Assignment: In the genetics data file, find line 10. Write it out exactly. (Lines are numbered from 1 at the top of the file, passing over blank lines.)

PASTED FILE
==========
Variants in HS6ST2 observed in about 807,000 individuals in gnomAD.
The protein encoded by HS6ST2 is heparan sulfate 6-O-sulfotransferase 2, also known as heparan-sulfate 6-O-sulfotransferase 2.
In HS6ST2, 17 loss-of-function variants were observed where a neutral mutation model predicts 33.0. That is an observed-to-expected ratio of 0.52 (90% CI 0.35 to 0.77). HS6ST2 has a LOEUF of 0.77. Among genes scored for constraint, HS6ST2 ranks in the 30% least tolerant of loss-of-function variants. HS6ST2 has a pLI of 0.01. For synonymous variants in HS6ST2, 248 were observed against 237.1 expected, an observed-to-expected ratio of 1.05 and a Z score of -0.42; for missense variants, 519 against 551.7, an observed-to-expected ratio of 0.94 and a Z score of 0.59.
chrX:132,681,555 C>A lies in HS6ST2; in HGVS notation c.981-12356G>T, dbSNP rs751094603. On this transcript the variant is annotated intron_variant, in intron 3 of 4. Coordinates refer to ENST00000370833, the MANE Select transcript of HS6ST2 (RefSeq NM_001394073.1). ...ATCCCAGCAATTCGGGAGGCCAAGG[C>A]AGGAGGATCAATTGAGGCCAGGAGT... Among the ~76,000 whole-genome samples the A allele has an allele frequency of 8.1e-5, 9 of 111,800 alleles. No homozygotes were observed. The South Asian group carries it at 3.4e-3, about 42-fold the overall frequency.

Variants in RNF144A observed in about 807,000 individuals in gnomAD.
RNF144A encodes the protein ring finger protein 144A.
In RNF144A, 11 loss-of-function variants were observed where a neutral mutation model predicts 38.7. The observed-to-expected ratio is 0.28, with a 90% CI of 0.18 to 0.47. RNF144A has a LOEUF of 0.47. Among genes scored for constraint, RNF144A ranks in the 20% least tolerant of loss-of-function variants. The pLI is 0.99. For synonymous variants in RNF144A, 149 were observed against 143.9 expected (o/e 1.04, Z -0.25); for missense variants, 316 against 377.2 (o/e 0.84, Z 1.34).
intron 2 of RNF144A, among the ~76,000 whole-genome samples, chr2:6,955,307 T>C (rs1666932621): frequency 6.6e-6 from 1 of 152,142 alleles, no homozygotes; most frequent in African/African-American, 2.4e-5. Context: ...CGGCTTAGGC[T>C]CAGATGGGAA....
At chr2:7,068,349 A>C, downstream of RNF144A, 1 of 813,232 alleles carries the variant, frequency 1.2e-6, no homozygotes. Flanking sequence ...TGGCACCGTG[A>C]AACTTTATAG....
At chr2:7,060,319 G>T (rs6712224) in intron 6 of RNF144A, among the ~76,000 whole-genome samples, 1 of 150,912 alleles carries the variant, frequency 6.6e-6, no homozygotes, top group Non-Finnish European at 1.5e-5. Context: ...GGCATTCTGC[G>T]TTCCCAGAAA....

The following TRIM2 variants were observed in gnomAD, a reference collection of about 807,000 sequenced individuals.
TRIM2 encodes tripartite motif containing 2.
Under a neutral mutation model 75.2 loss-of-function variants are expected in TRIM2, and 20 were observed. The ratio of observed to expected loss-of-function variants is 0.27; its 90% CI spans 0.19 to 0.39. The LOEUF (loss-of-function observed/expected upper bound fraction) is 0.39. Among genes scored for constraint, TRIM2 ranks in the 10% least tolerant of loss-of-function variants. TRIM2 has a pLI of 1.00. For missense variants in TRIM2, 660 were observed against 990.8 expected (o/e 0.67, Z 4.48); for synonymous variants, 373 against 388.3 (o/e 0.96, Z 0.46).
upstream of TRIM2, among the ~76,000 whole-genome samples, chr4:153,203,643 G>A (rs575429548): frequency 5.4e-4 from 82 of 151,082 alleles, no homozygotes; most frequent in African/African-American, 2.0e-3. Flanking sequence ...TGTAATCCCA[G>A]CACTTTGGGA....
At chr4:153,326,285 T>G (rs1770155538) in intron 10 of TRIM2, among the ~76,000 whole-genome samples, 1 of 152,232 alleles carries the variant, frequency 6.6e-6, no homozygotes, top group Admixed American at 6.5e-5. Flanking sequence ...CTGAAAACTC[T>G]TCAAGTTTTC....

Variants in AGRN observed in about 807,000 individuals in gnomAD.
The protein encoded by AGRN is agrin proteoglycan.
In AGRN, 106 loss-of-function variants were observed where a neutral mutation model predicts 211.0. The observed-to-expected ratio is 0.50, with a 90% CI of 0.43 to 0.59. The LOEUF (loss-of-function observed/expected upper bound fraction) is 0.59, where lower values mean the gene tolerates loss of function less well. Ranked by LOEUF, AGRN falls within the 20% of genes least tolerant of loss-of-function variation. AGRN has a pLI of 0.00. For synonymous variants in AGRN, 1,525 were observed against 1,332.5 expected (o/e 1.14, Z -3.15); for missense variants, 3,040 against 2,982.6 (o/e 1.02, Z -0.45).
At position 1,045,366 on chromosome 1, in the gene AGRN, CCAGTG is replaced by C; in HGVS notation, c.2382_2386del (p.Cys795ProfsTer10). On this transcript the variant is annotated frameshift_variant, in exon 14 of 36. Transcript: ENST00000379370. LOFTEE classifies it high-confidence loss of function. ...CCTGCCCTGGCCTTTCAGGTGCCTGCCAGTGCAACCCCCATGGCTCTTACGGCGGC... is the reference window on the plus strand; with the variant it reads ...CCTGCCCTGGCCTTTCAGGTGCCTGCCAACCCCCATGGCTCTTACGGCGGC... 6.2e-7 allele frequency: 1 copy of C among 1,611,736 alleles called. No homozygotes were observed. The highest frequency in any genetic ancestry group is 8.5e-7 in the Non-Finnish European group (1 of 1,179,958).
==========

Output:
At chr2:7,060,319 G>T (rs6712224) in intron 6 of RNF144A, among the ~76,000 whole-genome samples, 1 of 150,912 alleles carries the variant, frequency 6.6e-6, no homozygotes, top group Non-Finnish European at 1.5e-5. Context: ...GGCATTCTGC[G>T]TTCCCAGAAA....